Justin Anderson is another option for the backcourt, as we've reported, though he too has injury concerns. He made it through his first two seasons at Virginia without any problems but sprained his left ankle in December to start his junior season. Anderson played through the issue but surgery for a broken pinkie just a few months later would force him to the sidelines. His absence was prolonged by an emergency appendectomy and in the end he would miss eight straight games. He struggled upon his return but neither injury should carry any long-term ramifications.
The same can’t be said for UNLV’s Rashad Vaughn. The 6’6” freshman missed nine games recovering from a torn meniscus in his left knee. The injury was the second notable one of his career after he missed two months while at Findlay Prep with an undisclosed injury to the same knee. He also suffered a significant ankle sprain at the Kevin Durant Skills Academy in 2013 and another “lower leg” injury prevented him from playing with the U18 National Team. Throw in a mild case of back spasms and Vaughn’s overall risk is significantly higher than other options.
Michael Frazier II is ranked 38th according to DraftExpress and might be a reach for the Mavs at 21. The move would be a tad riskier when injury history is considered. Frazier spent three seasons at Florida missing a lone game in his first year with a concussion. Minor finger injuries and a battle with mononucleosis didn’t slow him down in his sophomore season. However a right high-ankle sprain forced him to miss seven straight outings last season. High ankle sprains are more severe than a garden-variety ankle sprain and run a higher risk of causing chronic ankle dysfunction. Smith and his team are more than equipped to handle these types of issues but why reach on a guy that may already need some additional care.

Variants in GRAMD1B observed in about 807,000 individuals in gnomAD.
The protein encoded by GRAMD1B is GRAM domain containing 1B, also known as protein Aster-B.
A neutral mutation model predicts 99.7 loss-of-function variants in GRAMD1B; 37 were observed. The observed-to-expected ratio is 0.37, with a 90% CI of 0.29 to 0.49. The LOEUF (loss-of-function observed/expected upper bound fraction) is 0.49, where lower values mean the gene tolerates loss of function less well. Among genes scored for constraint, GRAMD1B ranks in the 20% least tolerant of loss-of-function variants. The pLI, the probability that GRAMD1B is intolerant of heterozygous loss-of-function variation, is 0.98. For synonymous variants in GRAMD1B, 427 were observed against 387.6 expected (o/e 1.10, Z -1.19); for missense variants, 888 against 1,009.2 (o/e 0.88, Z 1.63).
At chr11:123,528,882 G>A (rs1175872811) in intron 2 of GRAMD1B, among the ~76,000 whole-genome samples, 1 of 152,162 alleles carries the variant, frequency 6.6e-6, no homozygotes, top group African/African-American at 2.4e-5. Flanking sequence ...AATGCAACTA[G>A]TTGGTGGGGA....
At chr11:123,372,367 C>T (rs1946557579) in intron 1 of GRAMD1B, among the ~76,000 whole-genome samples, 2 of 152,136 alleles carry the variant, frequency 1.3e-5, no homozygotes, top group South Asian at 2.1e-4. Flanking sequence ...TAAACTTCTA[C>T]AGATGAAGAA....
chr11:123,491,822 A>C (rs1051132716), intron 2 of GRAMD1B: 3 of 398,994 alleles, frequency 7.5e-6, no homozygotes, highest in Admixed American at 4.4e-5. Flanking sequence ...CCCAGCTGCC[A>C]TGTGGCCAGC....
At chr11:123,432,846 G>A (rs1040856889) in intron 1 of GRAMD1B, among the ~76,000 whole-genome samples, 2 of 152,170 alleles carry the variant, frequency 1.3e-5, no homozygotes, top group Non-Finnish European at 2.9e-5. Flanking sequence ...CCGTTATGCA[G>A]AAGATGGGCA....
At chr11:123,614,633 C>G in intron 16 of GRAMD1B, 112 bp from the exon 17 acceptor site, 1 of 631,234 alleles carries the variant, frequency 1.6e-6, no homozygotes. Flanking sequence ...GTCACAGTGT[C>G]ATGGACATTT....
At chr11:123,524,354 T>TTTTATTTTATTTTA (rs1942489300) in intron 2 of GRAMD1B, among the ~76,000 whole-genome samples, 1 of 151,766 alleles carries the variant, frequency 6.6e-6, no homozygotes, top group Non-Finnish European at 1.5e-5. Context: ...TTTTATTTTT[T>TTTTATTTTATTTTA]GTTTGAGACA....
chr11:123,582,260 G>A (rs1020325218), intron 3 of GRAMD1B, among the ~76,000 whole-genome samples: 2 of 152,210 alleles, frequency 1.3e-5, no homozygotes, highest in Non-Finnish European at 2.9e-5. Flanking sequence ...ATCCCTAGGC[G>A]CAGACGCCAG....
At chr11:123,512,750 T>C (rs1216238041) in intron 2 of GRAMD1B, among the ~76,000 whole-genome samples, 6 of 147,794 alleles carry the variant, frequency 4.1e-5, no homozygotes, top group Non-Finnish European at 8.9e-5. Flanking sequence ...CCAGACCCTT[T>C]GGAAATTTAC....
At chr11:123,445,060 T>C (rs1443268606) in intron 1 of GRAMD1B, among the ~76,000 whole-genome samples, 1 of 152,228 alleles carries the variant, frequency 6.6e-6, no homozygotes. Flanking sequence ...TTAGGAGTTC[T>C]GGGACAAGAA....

If the Mavs are going to reach in the first-round, Syracuse Rakeem Christmas may be a safer bet. Christmas didn’t miss a game in his entire four-year career as an Orangemen and comes with a clean bill of health. However if Dallas does opt to draft a forward Montrezl Harrell and Rondae Hollis-Jefferson seem like the more likely candidates. Harrell, a junior from Louisville, has just two injuries of note, a knee sprain suffered at the Adidas Nations camp and a mild left ankle sprain last season. Neither injury was considered serious.
Arizona sophomore Hollis-Jefferson carries a similar injury profile suffering two mild injuries last season. Hollis-Jefferson played with a shoulder contusion and bounced back from a nasty looking knee injury that ended up being a minor sprain. He performed well in the Elite 8 following the incident, a good sign for a guy dependent on his athleticism. Oh, and he's got the shoulder shimmy, so that body part is all good, too.
Stay tuned ... the entire staff is loaded for bear tonight with full coverage, including continued work from DB.com's Certified Athletic Trainer Jeff Stotts, here on Twitter and also writing for Rotowire and at InStreetClothes.com.